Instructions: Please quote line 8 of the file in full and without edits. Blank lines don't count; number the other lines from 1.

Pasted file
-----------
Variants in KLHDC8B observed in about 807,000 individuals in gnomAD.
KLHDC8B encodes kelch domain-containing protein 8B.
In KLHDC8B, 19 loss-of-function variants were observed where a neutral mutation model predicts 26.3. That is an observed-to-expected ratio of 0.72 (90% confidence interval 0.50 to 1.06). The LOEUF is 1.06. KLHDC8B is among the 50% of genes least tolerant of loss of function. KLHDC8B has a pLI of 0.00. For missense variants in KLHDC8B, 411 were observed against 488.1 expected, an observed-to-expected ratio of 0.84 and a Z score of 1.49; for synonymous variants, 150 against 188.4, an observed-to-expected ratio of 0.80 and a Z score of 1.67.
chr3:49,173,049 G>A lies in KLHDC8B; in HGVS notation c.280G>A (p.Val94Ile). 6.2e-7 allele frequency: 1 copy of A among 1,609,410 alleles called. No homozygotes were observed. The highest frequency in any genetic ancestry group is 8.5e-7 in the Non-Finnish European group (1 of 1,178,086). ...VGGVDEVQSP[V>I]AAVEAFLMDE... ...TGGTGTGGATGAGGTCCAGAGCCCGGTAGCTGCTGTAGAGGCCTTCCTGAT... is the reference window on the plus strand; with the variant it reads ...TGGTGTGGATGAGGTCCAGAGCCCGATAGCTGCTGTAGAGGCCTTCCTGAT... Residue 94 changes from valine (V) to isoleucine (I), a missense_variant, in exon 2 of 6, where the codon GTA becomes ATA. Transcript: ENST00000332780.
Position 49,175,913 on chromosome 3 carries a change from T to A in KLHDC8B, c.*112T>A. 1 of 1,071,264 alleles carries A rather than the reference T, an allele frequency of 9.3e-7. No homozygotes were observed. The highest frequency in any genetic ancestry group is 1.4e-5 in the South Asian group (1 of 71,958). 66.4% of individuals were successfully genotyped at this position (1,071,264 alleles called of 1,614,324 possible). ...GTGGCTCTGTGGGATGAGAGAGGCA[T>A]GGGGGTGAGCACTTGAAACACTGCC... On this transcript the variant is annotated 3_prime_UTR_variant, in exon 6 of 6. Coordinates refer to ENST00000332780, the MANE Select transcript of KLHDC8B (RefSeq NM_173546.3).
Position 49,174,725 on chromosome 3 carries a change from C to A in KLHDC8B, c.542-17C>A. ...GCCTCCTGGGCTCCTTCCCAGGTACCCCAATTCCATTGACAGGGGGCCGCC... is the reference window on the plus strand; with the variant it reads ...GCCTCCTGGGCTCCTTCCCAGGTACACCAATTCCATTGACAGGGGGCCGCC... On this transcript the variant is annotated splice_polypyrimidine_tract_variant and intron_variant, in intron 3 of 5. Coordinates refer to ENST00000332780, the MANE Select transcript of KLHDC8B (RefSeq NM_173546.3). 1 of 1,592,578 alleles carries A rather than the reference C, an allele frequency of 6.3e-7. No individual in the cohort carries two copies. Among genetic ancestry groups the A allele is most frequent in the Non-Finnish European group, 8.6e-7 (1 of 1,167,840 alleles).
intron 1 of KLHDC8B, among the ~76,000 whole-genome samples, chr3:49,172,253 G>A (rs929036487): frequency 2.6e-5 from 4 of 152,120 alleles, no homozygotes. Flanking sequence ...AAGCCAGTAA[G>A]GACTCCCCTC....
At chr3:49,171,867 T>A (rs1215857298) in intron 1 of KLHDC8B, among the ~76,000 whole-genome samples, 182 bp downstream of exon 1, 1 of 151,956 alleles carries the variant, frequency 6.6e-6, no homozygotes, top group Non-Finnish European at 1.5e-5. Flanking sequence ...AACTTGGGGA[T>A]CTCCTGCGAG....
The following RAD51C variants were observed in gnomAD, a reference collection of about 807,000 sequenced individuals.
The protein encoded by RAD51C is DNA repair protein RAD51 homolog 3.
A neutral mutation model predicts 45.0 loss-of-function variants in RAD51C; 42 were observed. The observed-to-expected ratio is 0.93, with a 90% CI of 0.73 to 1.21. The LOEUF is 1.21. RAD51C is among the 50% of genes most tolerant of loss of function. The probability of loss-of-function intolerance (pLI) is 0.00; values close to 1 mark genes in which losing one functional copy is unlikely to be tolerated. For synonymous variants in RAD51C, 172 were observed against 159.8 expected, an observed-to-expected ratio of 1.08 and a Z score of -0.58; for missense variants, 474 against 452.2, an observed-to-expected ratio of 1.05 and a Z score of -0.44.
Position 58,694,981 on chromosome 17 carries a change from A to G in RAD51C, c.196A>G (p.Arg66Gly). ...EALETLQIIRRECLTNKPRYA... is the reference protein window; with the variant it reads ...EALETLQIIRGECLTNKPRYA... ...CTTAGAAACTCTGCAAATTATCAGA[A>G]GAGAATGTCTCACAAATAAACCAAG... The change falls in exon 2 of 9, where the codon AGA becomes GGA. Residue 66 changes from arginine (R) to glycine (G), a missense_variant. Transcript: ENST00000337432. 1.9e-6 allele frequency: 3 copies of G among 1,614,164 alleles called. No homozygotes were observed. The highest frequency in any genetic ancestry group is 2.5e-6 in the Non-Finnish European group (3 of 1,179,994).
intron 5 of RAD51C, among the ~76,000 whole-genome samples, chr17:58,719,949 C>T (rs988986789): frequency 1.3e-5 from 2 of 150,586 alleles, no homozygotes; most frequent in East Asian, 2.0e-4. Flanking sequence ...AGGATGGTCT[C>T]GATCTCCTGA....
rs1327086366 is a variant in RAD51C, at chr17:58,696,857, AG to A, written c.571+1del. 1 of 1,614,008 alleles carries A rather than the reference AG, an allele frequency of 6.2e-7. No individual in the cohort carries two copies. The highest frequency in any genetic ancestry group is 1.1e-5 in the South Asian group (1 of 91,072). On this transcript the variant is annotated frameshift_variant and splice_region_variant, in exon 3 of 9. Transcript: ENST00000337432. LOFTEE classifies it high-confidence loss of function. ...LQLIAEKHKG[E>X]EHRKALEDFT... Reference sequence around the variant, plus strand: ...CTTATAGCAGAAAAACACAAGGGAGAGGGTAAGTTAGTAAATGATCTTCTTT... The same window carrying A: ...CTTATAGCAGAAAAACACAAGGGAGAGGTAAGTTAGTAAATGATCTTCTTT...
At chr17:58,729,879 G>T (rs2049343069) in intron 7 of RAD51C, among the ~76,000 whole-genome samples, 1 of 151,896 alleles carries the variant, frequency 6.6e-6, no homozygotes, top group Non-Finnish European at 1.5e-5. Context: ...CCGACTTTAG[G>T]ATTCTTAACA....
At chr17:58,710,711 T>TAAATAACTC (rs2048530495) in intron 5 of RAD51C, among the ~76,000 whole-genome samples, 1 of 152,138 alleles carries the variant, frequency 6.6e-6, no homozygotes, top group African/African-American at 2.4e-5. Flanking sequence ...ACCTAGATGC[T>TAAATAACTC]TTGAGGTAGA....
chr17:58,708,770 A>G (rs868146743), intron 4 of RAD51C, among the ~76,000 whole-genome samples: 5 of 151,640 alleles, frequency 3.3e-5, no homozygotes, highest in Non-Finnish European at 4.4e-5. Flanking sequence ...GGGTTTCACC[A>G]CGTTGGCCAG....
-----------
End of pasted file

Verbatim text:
At chr3:49,171,867 T>A (rs1215857298) in intron 1 of KLHDC8B, among the ~76,000 whole-genome samples, 182 bp downstream of exon 1, 1 of 151,956 alleles carries the variant, frequency 6.6e-6, no homozygotes, top group Non-Finnish European at 1.5e-5. Flanking sequence ...AACTTGGGGA[T>A]CTCCTGCGAG....